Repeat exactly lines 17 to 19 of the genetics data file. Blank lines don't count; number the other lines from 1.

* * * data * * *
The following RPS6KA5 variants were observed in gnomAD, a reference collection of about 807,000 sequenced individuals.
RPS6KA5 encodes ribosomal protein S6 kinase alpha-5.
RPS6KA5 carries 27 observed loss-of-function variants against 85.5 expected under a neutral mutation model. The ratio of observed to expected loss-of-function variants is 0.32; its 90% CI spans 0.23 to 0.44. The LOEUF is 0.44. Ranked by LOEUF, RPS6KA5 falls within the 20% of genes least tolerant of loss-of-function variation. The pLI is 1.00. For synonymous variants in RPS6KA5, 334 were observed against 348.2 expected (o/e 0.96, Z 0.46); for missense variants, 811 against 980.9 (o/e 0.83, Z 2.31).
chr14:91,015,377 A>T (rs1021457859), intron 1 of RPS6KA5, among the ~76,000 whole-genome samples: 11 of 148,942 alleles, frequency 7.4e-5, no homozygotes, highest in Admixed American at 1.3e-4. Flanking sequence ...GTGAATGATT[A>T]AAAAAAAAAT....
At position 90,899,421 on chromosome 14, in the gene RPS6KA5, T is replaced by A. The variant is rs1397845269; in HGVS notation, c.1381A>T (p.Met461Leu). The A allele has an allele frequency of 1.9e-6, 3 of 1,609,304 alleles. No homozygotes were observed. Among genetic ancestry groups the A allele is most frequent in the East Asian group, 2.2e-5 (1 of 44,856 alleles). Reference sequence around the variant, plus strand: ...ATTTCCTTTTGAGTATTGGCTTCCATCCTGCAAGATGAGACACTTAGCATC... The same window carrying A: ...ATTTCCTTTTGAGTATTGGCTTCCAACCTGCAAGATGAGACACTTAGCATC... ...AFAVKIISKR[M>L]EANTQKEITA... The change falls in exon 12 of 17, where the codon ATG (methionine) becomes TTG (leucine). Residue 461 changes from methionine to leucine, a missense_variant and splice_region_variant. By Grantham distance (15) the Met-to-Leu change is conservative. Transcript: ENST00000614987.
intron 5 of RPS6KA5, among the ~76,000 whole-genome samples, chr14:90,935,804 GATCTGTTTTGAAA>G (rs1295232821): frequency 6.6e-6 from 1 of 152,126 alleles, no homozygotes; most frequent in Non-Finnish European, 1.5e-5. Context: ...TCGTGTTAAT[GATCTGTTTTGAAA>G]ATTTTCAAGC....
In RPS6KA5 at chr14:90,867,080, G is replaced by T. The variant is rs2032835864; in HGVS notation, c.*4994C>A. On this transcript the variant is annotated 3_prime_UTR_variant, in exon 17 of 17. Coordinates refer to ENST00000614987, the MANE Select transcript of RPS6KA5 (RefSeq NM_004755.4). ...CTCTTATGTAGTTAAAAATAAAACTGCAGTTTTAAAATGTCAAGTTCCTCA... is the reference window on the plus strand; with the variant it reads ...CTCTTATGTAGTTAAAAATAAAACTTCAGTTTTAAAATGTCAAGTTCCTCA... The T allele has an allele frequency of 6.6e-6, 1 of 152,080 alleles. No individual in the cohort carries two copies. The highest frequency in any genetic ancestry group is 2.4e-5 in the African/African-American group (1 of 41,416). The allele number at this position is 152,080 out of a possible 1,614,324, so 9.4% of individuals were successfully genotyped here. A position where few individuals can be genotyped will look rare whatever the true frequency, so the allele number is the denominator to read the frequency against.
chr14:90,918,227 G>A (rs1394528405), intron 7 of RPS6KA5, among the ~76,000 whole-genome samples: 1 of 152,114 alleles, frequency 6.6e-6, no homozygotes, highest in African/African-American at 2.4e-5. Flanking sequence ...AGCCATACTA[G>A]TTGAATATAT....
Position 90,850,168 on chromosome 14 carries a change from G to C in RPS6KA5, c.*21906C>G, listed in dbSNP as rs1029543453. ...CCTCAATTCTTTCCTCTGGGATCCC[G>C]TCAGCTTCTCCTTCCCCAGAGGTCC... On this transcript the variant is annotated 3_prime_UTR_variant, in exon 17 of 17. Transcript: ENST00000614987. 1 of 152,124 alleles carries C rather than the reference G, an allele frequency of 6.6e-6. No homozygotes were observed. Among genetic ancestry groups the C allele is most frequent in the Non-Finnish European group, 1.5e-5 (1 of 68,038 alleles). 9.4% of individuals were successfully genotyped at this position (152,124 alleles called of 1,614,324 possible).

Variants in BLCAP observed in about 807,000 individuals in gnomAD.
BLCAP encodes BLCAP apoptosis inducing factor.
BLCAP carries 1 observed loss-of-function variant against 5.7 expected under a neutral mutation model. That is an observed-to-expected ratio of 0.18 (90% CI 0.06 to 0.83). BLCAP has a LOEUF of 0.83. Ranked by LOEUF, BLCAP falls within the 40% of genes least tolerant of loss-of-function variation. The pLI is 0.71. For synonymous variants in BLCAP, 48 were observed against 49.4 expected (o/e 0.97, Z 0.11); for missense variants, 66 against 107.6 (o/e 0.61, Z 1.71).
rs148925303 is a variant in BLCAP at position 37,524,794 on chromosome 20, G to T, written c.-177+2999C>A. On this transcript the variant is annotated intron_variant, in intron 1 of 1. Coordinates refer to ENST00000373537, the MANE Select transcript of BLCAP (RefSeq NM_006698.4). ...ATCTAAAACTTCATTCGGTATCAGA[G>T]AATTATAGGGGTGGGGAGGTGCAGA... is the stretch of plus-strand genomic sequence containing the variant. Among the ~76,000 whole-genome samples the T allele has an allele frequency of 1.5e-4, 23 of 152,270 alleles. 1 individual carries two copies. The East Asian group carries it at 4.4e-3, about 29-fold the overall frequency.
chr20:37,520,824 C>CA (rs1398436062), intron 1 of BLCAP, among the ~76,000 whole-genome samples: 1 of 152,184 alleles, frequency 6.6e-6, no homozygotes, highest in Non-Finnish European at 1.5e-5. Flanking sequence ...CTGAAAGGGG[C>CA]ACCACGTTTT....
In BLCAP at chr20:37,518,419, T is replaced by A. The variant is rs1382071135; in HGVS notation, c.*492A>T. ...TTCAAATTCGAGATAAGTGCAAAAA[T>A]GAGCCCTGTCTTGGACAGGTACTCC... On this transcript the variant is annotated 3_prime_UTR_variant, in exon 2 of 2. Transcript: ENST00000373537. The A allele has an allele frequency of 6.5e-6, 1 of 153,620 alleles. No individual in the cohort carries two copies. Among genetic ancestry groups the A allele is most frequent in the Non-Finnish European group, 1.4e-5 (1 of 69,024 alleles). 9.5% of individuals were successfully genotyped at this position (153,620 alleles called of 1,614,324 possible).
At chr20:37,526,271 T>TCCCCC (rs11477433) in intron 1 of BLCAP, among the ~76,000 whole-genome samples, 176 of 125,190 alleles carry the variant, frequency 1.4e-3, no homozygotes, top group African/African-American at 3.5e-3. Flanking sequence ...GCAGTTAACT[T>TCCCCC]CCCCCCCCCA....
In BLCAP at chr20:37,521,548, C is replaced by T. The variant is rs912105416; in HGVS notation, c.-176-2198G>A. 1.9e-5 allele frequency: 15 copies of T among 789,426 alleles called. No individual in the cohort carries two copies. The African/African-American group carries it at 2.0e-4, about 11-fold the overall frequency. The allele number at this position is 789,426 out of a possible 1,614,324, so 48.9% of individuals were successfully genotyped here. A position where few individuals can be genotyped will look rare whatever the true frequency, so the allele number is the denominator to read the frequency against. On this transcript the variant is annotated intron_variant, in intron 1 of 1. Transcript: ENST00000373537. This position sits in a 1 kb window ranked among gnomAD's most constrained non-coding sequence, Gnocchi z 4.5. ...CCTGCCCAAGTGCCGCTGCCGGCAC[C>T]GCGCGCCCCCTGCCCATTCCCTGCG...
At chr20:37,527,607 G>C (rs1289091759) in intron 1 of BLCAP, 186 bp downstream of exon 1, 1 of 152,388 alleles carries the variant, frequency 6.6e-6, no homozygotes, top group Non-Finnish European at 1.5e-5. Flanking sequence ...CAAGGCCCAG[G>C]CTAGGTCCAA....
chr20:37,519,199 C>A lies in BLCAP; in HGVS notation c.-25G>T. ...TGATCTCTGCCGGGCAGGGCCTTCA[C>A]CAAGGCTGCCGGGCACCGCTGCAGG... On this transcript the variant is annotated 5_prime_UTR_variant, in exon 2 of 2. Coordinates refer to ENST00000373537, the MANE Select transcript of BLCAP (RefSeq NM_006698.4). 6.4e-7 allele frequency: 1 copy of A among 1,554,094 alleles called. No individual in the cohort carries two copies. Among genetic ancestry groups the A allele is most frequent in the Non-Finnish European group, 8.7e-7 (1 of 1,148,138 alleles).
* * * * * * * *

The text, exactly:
In BLCAP at chr20:37,521,548, C is replaced by T. The variant is rs912105416; in HGVS notation, c.-176-2198G>A. 1.9e-5 allele frequency: 15 copies of T among 789,426 alleles called. No individual in the cohort carries two copies. The African/African-American group carries it at 2.0e-4, about 11-fold the overall frequency. The allele number at this position is 789,426 out of a possible 1,614,324, so 48.9% of individuals were successfully genotyped here. A position where few individuals can be genotyped will look rare whatever the true frequency, so the allele number is the denominator to read the frequency against. On this transcript the variant is annotated intron_variant, in intron 1 of 1. Transcript: ENST00000373537. This position sits in a 1 kb window ranked among gnomAD's most constrained non-coding sequence, Gnocchi z 4.5. ...CCTGCCCAAGTGCCGCTGCCGGCAC[C>T]GCGCGCCCCCTGCCCATTCCCTGCG...
At chr20:37,527,607 G>C (rs1289091759) in intron 1 of BLCAP, 186 bp downstream of exon 1, 1 of 152,388 alleles carries the variant, frequency 6.6e-6, no homozygotes, top group Non-Finnish European at 1.5e-5. Flanking sequence ...CAAGGCCCAG[G>C]CTAGGTCCAA....
chr20:37,519,199 C>A lies in BLCAP; in HGVS notation c.-25G>T. ...TGATCTCTGCCGGGCAGGGCCTTCA[C>A]CAAGGCTGCCGGGCACCGCTGCAGG... On this transcript the variant is annotated 5_prime_UTR_variant, in exon 2 of 2. Coordinates refer to ENST00000373537, the MANE Select transcript of BLCAP (RefSeq NM_006698.4). 6.4e-7 allele frequency: 1 copy of A among 1,554,094 alleles called. No individual in the cohort carries two copies. Among genetic ancestry groups the A allele is most frequent in the Non-Finnish European group, 8.7e-7 (1 of 1,148,138 alleles).